by Chris Lyddon
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The 2014-15 global rice harvest is the largest on record thanks to increased area, says the U.S. Department of Agriculture (USDA). Vietnamese rice prices moved higher in September, making that country’s production less competitive against the Thai alternative.

In its Grain Market Report at the end of August, the International Grains Council (IGC) noted a marginal net gain in its IGC-GOI rice sub-Index.

“With values in Vietnam and India steady to moderately weaker, the firmer tone reflected higher prices in Thailand, owing to thin export availabilities and ideas of stronger near-term international demand,” it said. “Export quotations for broken rice in Vietnam eased modestly month-over-month as initial gains, tied to worries about tight supplies and ongoing shipments to key Asian buyers, was outweighed by pressure from the reported closure of China’s border in efforts to prevent unofficial trade.

“However, losses were capped by expectations of fresh export interest from Asian importers, including the Philippines. While values in India were firm, in part supported by demand for parboiled rice from African buyers, export values for white and parboiled grades in Thailand moved significantly higher, the 25% broken grade trading at a one-year high of $415 fob, mainly linked to thin old crop exportable supplies.”

According to the USDA Economic Research Service’s (ERS) most recent Rice Outlook report, global rice production for 2014-15 is forecast at 477 million tonnes on a milled basis, down 400,000 tonnes from the previous month’s forecast but still up 900,000 tonnes from 2013-14 and the largest crop on record. “The record global crop in 2014-15 is the result of expanded area,” the report said. “At a record 161 million hectares, global rice area in 2014-15 is up fractionally from a year earlier. Cambodia, China, Indonesia, the Philippines, and the United States account for most of the projected area increase.”

ERS forecast the average yield at 4.42 tonnes a hectare, almost unchanged from 2013-14, but down on the 2012-13 record of 4.45 tonnes. “The largest downward production revision this month was for the United States,” it said. “The U.S. 2014-15 crop forecast was lowered 5% to 6.98 million tonnes based on smaller area and weaker yield reported by USDA/NASS.”

Production forecasts were lowered for both North and South Korea due to adverse weather, the report continued. “The only other downward revision for 2014-15 was a 19,000-tonne decrease in the European Union production forecast to 1.95 million tonnes due to a slightly small crop in Spain,” it said.

There were three upward revisions. “First, Australia’s 2014-15 crop forecast was raised 144,000 tonnes to 648,000 tonnes based on a 20,000-hectare increase in area to 90,000 hectares reported by the Australian Bureau of Agricultural and Resource Economics and Sciences (ABARES) on Sept. 9,” the ERS said. “The area is up 18% from a year earlier largely due to favorable expected returns to rice production and adequate irrigation water.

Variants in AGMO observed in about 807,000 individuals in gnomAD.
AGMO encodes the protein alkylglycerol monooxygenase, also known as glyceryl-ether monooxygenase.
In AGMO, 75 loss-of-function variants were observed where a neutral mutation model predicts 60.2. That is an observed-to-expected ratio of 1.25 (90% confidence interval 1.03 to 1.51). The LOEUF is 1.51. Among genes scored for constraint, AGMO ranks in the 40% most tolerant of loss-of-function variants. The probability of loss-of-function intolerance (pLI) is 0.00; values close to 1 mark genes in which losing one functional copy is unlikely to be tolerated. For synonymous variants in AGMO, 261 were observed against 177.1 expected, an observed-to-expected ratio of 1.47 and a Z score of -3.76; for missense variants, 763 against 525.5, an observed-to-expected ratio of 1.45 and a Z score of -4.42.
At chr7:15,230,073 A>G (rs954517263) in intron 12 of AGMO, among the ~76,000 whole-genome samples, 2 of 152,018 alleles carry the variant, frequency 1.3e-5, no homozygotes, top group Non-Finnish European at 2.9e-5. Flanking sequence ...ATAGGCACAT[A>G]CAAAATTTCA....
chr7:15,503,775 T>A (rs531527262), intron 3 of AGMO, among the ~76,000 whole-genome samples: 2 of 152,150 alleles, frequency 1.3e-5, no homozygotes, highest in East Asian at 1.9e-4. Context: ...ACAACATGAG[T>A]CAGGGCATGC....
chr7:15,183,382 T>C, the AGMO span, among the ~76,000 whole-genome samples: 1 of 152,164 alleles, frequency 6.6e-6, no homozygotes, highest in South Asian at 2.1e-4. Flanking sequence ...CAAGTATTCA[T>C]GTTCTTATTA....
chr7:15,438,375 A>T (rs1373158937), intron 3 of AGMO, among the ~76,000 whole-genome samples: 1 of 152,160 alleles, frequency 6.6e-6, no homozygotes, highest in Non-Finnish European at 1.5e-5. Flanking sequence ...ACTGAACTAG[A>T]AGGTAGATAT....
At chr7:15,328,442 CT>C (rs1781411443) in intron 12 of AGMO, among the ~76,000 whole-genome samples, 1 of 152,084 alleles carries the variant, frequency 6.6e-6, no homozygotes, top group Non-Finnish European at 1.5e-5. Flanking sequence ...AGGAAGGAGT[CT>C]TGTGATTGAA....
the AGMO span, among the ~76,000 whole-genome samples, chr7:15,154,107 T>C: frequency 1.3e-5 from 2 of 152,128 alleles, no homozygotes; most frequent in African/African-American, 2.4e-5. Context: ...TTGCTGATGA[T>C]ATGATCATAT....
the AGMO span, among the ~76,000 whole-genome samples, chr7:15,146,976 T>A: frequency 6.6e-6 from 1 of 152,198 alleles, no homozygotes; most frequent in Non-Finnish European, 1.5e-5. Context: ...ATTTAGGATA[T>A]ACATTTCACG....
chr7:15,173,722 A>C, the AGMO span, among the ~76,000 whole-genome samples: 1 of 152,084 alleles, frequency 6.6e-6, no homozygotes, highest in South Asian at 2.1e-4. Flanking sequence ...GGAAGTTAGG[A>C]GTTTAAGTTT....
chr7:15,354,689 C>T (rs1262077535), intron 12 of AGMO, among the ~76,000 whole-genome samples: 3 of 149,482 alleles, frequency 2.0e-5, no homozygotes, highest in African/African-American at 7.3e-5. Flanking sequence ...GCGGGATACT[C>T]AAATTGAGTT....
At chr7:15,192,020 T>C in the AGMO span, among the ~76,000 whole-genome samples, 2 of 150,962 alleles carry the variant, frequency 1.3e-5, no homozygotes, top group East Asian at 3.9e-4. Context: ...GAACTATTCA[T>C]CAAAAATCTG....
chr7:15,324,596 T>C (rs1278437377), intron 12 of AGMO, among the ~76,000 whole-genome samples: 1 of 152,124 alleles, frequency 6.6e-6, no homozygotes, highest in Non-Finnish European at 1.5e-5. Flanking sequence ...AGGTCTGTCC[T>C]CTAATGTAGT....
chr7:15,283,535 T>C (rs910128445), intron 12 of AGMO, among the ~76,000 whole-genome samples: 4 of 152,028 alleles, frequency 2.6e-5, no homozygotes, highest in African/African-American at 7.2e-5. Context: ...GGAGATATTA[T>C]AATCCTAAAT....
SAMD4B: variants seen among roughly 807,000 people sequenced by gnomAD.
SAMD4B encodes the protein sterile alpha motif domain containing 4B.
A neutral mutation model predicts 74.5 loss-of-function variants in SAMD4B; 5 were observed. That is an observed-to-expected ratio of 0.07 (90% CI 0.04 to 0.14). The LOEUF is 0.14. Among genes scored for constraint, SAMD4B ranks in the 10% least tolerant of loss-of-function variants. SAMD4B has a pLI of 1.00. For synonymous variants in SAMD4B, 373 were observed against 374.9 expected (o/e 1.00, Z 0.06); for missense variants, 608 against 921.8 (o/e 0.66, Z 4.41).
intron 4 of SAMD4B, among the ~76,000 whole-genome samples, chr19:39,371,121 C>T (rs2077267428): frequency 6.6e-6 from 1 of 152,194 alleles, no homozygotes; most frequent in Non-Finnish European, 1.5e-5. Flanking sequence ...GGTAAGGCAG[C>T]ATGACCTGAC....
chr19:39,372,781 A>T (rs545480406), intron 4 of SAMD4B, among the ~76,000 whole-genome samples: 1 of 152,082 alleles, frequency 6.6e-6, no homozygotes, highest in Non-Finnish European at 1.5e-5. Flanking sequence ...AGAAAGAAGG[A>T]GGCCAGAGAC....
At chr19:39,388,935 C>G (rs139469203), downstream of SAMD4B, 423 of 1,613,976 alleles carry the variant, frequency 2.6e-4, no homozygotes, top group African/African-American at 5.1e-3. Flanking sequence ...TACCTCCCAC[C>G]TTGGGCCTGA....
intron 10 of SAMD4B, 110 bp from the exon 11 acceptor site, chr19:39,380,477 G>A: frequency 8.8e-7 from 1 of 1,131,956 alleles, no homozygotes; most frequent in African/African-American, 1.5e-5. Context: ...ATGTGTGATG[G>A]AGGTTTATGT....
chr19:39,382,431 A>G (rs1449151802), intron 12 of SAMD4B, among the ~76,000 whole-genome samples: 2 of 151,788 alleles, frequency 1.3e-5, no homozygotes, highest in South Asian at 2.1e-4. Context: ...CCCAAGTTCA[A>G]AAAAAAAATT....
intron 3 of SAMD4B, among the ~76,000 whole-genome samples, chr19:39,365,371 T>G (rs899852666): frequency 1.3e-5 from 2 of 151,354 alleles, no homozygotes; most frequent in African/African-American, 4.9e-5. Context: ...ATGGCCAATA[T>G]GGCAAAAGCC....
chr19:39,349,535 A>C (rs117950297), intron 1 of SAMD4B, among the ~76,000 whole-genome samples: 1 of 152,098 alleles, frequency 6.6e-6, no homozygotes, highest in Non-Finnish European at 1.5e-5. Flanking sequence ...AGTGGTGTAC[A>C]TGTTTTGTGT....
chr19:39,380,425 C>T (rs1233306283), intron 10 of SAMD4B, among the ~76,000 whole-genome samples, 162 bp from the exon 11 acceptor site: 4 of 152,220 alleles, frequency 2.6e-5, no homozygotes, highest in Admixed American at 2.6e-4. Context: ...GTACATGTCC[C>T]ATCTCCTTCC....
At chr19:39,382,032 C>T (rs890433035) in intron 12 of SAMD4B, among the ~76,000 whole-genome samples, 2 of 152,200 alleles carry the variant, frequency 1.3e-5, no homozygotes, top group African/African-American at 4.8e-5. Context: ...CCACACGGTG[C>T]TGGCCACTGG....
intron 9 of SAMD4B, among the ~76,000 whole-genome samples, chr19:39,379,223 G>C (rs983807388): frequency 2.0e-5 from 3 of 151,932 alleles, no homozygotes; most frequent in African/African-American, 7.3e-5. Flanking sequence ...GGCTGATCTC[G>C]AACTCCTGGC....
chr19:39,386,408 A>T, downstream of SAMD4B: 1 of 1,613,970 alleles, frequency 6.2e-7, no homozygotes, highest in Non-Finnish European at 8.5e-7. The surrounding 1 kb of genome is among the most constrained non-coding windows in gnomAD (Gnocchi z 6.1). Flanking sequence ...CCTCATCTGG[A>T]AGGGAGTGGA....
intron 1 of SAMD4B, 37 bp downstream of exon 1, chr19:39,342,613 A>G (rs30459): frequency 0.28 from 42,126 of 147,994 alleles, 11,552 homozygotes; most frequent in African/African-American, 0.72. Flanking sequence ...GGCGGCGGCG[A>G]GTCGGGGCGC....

“Guyana’s 2014-15 crop forecast was raised 34,000 tonnes to 570,000 tonnes based on government of Guyana data indicating higher area and yield. Both production and area are record high. Guyana has sharply increased rice production in recent years.”

Cuba’s 2014-15 crop forecast was raised by 10,000 tonnes to 440,000 tonnes based on a higher yield.

The ERS reported that prices for all grades of Thailand’s regular-milled white rice had moved in a narrow range over the past month, despite a rapid pace of sales and upward revision in the country’s 2014 export forecast. “On the price-bullish side, Thailand’s government-held supplies of rice remain extremely large, as sales of these stocks to exporters have been smaller and slower than expected, which has temporarily tightened the available supply situation,” it said. “On the price-bearish side, supplies from the final 2013-14 dry-season crop are available for export and the harvest of the 2014-15 main crop should begin in a couple of months.”

Price quotes from Vietnam had increased over the past month, helping to make Thailand a competitive seller. “Thailand’s prices typically exceed prices for similar grades of rice from Vietnam by around $50 per tonne,” the report said. U.S. prices for long-grain milled rice had declined over the past month.

The news agency Reuters reported recently that Thailand has so far lost 320 billion baht ($9.9 billion) from a 16-month rice support scheme, citing the state bank that helped manage the scheme, which also said that the final loss will rise substantially.

“The estimated loss was as at end-May,” Bank of Agriculture and Agricultural Cooperatives (BAAC) President Luck Wajananawat told Reuters, the report said.

The figure would rise as the rice had been bought by the former government at well above market prices, but was now being sold for much less as it was deteriorating in quality, the report said.

“The total losses will be estimated later since we need to compare the price the government paid when it bought rice from farmers and the prices the government sells the rice at,” he said.

Chris Lyddon is World Grain’s European editor. He may be contacted at: chris.lyddon@ntlworld.com.